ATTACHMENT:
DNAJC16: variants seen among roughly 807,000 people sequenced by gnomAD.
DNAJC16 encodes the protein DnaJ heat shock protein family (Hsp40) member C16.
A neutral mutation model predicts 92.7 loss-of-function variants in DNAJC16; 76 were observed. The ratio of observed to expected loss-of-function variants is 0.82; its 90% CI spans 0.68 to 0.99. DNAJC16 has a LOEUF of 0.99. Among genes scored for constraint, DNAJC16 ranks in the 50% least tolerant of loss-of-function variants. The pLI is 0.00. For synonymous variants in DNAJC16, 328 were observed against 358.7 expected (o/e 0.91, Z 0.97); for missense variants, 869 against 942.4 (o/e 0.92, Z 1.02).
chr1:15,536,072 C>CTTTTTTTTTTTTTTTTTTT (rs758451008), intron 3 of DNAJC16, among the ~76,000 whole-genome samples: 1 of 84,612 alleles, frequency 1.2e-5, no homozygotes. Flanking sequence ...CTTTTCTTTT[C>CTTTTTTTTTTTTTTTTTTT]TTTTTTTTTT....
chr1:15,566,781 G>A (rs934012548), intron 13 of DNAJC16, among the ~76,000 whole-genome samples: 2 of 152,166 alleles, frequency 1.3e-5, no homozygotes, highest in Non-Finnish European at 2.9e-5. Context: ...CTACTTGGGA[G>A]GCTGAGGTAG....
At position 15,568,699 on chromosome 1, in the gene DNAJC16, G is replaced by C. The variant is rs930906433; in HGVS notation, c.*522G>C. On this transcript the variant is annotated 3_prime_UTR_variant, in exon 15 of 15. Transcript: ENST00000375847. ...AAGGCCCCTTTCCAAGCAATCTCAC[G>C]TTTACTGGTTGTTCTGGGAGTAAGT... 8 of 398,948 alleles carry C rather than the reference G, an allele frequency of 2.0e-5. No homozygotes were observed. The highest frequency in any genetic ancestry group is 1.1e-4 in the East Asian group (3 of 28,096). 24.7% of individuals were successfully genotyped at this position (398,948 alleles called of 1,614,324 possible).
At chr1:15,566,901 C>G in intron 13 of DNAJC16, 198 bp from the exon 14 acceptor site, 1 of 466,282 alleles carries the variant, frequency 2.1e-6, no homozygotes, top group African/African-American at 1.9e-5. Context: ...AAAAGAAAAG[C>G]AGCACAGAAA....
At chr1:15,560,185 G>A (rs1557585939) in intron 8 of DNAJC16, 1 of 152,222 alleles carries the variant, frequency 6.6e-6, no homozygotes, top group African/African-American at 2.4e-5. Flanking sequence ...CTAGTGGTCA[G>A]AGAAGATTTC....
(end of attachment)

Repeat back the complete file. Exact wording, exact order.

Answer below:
DNAJC16: variants seen among roughly 807,000 people sequenced by gnomAD.
DNAJC16 encodes the protein DnaJ heat shock protein family (Hsp40) member C16.
A neutral mutation model predicts 92.7 loss-of-function variants in DNAJC16; 76 were observed. The ratio of observed to expected loss-of-function variants is 0.82; its 90% CI spans 0.68 to 0.99. DNAJC16 has a LOEUF of 0.99. Among genes scored for constraint, DNAJC16 ranks in the 50% least tolerant of loss-of-function variants. The pLI is 0.00. For synonymous variants in DNAJC16, 328 were observed against 358.7 expected (o/e 0.91, Z 0.97); for missense variants, 869 against 942.4 (o/e 0.92, Z 1.02).
chr1:15,536,072 C>CTTTTTTTTTTTTTTTTTTT (rs758451008), intron 3 of DNAJC16, among the ~76,000 whole-genome samples: 1 of 84,612 alleles, frequency 1.2e-5, no homozygotes. Flanking sequence ...CTTTTCTTTT[C>CTTTTTTTTTTTTTTTTTTT]TTTTTTTTTT....
chr1:15,566,781 G>A (rs934012548), intron 13 of DNAJC16, among the ~76,000 whole-genome samples: 2 of 152,166 alleles, frequency 1.3e-5, no homozygotes, highest in Non-Finnish European at 2.9e-5. Context: ...CTACTTGGGA[G>A]GCTGAGGTAG....
At position 15,568,699 on chromosome 1, in the gene DNAJC16, G is replaced by C. The variant is rs930906433; in HGVS notation, c.*522G>C. On this transcript the variant is annotated 3_prime_UTR_variant, in exon 15 of 15. Transcript: ENST00000375847. ...AAGGCCCCTTTCCAAGCAATCTCAC[G>C]TTTACTGGTTGTTCTGGGAGTAAGT... 8 of 398,948 alleles carry C rather than the reference G, an allele frequency of 2.0e-5. No homozygotes were observed. The highest frequency in any genetic ancestry group is 1.1e-4 in the East Asian group (3 of 28,096). 24.7% of individuals were successfully genotyped at this position (398,948 alleles called of 1,614,324 possible).
At chr1:15,566,901 C>G in intron 13 of DNAJC16, 198 bp from the exon 14 acceptor site, 1 of 466,282 alleles carries the variant, frequency 2.1e-6, no homozygotes, top group African/African-American at 1.9e-5. Context: ...AAAAGAAAAG[C>G]AGCACAGAAA....
At chr1:15,560,185 G>A (rs1557585939) in intron 8 of DNAJC16, 1 of 152,222 alleles carries the variant, frequency 6.6e-6, no homozygotes, top group African/African-American at 2.4e-5. Flanking sequence ...CTAGTGGTCA[G>A]AGAAGATTTC....